County tax appeal board denies $189.5 million Calumet protest

The Cascade County Tax Appeal Board denied a request from Calumet Montana Refining to lower their taxable valuation.

Calumet can appeal the decision to the Montana Tax Appeal Board as they did in 2018.

During a Nov. 9 hearing, representatives from Calumet said the Montana Department of Revenue had valued their land at $118,944; and the buildings, equipment and improvements at $299,428,094 for a total of $299,547,035.

Calumet asked the county tax appeal board to lower their market value for the buildings, equipment and improvements to $109,881,000 for a total of $109,999,944.

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That’s a reduction of $189.5 million.

Philip Murphy for Calumet, said that their taxes have quadrupled since the company purchased the refinery in 2012.

He said that in 2012, their taxes were $1.4 million. In 2021, Calumet paid $5.5 million and in 2022, $6.2 million in taxes.

Calumet spun off a portion of their property, operations and equipment to create Montana Renewables, a biodiesel fuel production company.

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Murphy said the whole property and operation was bifurcated into two closed loop systems, leaving Calumet with the lower value assets and reduced production capacity for crude oil.

Murphy said they weren’t contesting the valuation for Montana Renewables.

Calumet argued to the county tax appeal board that the DoR didn’t assess them equally, compared to the other three refineries in the state, as the local refinery was smaller with more limited operations than the others. They argued they should be assessed at a lower rate than the other refineries.

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Calumet argued that Exxon sold their Billings refinery for $310 million this year and that refinery had higher capacity than Calumet.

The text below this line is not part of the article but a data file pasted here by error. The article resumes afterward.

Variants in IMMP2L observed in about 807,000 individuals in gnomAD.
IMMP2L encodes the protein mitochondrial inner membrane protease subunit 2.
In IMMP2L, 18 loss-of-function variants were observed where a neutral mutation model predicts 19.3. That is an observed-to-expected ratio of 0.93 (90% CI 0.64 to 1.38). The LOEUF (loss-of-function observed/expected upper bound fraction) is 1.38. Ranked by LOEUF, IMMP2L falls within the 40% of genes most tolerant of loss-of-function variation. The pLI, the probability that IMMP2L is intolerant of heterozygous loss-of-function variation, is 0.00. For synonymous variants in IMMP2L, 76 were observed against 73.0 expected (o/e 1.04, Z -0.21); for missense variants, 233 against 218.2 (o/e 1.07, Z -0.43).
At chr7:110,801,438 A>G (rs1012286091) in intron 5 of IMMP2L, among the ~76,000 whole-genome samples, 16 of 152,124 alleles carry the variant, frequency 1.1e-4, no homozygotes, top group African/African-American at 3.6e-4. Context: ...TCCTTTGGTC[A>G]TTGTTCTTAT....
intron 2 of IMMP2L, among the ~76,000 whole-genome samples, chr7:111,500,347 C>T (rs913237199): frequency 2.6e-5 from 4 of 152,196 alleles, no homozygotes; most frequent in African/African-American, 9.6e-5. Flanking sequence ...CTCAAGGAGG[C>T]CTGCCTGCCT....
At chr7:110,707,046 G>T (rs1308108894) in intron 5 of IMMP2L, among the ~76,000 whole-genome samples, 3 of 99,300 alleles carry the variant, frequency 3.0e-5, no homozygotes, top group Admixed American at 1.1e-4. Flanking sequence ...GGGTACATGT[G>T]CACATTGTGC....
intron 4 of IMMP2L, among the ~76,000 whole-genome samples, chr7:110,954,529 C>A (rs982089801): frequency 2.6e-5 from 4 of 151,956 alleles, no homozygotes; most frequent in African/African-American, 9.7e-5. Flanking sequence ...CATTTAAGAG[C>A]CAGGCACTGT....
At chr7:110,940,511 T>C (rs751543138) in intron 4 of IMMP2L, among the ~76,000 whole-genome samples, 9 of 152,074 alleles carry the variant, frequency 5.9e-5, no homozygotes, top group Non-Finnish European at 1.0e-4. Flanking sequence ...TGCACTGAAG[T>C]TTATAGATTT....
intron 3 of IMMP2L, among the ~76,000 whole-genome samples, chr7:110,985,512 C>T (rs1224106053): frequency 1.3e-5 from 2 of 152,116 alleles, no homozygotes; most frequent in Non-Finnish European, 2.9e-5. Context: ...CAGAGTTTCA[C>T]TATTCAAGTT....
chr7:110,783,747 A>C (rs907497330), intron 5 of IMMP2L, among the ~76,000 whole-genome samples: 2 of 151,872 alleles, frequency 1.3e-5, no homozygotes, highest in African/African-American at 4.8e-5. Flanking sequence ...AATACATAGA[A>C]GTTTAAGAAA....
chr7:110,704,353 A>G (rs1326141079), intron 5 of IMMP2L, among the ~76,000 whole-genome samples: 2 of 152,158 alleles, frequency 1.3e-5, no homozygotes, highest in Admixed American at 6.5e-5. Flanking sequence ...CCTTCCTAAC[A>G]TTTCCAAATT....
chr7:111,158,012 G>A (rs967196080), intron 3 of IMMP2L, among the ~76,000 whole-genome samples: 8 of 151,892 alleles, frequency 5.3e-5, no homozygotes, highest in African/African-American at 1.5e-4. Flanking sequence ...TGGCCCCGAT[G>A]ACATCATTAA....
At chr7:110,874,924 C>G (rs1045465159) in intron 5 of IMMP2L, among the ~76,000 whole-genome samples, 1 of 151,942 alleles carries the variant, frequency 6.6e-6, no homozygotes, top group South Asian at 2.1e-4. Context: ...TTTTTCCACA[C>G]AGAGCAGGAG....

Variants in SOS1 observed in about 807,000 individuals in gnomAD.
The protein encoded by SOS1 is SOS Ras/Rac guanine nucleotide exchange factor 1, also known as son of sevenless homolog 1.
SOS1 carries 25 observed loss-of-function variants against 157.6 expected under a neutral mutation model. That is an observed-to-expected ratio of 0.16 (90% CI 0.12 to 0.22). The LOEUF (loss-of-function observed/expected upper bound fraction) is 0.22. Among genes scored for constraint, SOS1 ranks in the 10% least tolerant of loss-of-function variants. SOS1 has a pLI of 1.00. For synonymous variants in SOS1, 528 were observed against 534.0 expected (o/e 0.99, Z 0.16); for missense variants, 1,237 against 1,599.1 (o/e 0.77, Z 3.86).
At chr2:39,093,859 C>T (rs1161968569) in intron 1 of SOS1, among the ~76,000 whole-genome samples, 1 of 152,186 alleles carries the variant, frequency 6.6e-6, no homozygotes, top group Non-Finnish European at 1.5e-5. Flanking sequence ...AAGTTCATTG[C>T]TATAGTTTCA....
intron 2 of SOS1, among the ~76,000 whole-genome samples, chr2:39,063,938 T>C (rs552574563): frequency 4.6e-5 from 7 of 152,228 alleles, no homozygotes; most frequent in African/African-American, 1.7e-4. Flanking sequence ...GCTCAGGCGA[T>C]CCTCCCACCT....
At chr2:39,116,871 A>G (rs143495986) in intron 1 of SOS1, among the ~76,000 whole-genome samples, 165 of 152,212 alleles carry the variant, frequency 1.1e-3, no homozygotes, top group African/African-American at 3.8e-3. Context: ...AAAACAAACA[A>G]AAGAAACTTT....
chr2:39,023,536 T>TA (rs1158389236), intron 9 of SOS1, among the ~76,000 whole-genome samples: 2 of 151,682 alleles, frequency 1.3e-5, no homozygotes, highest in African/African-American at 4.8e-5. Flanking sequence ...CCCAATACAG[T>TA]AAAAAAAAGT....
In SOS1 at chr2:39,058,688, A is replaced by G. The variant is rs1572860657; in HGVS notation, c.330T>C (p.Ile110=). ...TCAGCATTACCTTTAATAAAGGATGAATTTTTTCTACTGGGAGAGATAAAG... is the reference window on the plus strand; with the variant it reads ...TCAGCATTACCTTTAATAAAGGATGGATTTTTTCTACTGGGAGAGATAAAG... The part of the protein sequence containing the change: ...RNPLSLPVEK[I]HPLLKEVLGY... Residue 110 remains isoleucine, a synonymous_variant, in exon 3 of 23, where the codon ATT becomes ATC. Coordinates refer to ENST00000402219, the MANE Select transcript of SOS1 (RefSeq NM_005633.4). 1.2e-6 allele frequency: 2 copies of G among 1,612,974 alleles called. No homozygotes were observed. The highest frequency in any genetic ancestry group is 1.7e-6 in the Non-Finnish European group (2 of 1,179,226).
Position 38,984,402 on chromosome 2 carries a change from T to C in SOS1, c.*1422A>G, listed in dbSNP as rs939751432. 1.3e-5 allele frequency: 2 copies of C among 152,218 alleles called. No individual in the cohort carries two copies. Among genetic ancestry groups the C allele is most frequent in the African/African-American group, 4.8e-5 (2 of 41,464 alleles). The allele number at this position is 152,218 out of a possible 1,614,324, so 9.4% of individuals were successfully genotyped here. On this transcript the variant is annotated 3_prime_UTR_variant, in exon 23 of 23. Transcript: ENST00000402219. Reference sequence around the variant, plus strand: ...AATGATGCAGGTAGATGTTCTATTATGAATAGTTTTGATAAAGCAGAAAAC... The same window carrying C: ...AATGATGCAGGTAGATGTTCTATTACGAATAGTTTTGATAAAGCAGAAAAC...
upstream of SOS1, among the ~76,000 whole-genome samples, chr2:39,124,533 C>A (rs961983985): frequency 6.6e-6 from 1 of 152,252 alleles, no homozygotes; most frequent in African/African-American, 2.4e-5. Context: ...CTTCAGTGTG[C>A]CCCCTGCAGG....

Michael Barber, an appraiser with DoR, said the department did consider Calumet’s concerns over the summer during their informal review of Calumet’s tax assessment.

Barber explained the department’s process, as defined by state law and regulations, and that DoR had to use a specific approach to determine Calumet’s market value since Calumet didn’t provide the requested data for a different approach.

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Of Calumet’s valuation, there’s $3,444,610 that’s taxed at 50 percent under an abatement approved by City and County Commissioners.

Barber said the refinery has made $370 million worth of improvements since purchasing the refinery in 2012.

Jill Gallagher of DoR said the department used the same process to determine valuations for the other refineries in the state.

During their Nov. 13 deliberations, Jean Clary said that “this is a pretty complex property,” but she was leaning toward sticking with the DoR valuation.

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Chuck Pankratz, board members, said that he was leaning toward the DoR valuation since they have a consistent method of valuing refineries.

During their board discussion, they said Calumet’s own documentation valued the property and operation at $341 million, accounting for depreciation.

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The board voted unanimously to uphold the DoR’s valuation for Calumet.

Calumet protested their taxes in 2019, which was a continuation of the 2017-2018 protest cast that was settled in 2020.

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The Montana Department of Revenue set Calumet’s value at $538 million for 2017. In February 2018, the three-person county tax appeal board lowered the value to $312.5 million. Calumet had requested their value be lowered to $190.7 million.

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Both Calumet and the DOR appealed that decision to the Montana Tax Appeal Board in 2018.

In 2020, the parties settled and according to DoR, of the roughly $17 million paid by Calumet under protest for tax years 2017-2019, about $9.5 million was released to the local jurisdictions and $1.5 million to the state.

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Once the protest was settled, the county issued a refund of $4.7 million to Calumet and milled a special levy to recoup $1.2 million of funds the school district had to pay back to Calumet since they accessed their portion of protested taxes.